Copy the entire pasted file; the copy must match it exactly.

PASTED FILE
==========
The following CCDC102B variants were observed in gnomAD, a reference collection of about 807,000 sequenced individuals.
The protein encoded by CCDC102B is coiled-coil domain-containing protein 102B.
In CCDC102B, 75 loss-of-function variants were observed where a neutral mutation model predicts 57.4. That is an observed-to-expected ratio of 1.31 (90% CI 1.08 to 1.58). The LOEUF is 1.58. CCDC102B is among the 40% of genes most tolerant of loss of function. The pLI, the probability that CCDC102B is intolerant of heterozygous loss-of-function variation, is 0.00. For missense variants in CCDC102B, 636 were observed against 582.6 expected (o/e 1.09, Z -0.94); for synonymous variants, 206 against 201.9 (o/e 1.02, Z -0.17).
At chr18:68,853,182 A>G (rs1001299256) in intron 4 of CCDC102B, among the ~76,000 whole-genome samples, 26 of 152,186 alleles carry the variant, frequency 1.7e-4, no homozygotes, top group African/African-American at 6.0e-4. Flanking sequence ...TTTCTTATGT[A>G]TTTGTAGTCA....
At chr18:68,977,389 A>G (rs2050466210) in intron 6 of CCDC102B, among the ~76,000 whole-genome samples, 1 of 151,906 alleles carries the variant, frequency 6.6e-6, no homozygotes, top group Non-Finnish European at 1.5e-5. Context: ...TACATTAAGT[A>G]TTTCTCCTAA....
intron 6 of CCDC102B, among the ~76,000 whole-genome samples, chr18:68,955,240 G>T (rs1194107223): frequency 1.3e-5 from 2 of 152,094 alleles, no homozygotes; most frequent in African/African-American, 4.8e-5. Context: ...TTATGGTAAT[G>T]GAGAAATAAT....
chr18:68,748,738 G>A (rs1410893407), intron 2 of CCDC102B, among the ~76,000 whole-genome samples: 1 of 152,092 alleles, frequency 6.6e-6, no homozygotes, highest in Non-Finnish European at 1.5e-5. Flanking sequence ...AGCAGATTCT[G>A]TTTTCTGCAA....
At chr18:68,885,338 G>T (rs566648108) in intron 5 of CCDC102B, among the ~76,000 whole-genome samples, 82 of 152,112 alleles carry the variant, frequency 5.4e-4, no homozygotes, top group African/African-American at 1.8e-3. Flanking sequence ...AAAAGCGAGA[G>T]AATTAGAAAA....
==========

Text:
The following CCDC102B variants were observed in gnomAD, a reference collection of about 807,000 sequenced individuals.
The protein encoded by CCDC102B is coiled-coil domain-containing protein 102B.
In CCDC102B, 75 loss-of-function variants were observed where a neutral mutation model predicts 57.4. That is an observed-to-expected ratio of 1.31 (90% CI 1.08 to 1.58). The LOEUF is 1.58. CCDC102B is among the 40% of genes most tolerant of loss of function. The pLI, the probability that CCDC102B is intolerant of heterozygous loss-of-function variation, is 0.00. For missense variants in CCDC102B, 636 were observed against 582.6 expected (o/e 1.09, Z -0.94); for synonymous variants, 206 against 201.9 (o/e 1.02, Z -0.17).
At chr18:68,853,182 A>G (rs1001299256) in intron 4 of CCDC102B, among the ~76,000 whole-genome samples, 26 of 152,186 alleles carry the variant, frequency 1.7e-4, no homozygotes, top group African/African-American at 6.0e-4. Flanking sequence ...TTTCTTATGT[A>G]TTTGTAGTCA....
At chr18:68,977,389 A>G (rs2050466210) in intron 6 of CCDC102B, among the ~76,000 whole-genome samples, 1 of 151,906 alleles carries the variant, frequency 6.6e-6, no homozygotes, top group Non-Finnish European at 1.5e-5. Context: ...TACATTAAGT[A>G]TTTCTCCTAA....
intron 6 of CCDC102B, among the ~76,000 whole-genome samples, chr18:68,955,240 G>T (rs1194107223): frequency 1.3e-5 from 2 of 152,094 alleles, no homozygotes; most frequent in African/African-American, 4.8e-5. Context: ...TTATGGTAAT[G>T]GAGAAATAAT....
chr18:68,748,738 G>A (rs1410893407), intron 2 of CCDC102B, among the ~76,000 whole-genome samples: 1 of 152,092 alleles, frequency 6.6e-6, no homozygotes, highest in Non-Finnish European at 1.5e-5. Flanking sequence ...AGCAGATTCT[G>A]TTTTCTGCAA....
At chr18:68,885,338 G>T (rs566648108) in intron 5 of CCDC102B, among the ~76,000 whole-genome samples, 82 of 152,112 alleles carry the variant, frequency 5.4e-4, no homozygotes, top group African/African-American at 1.8e-3. Flanking sequence ...AAAAGCGAGA[G>T]AATTAGAAAA....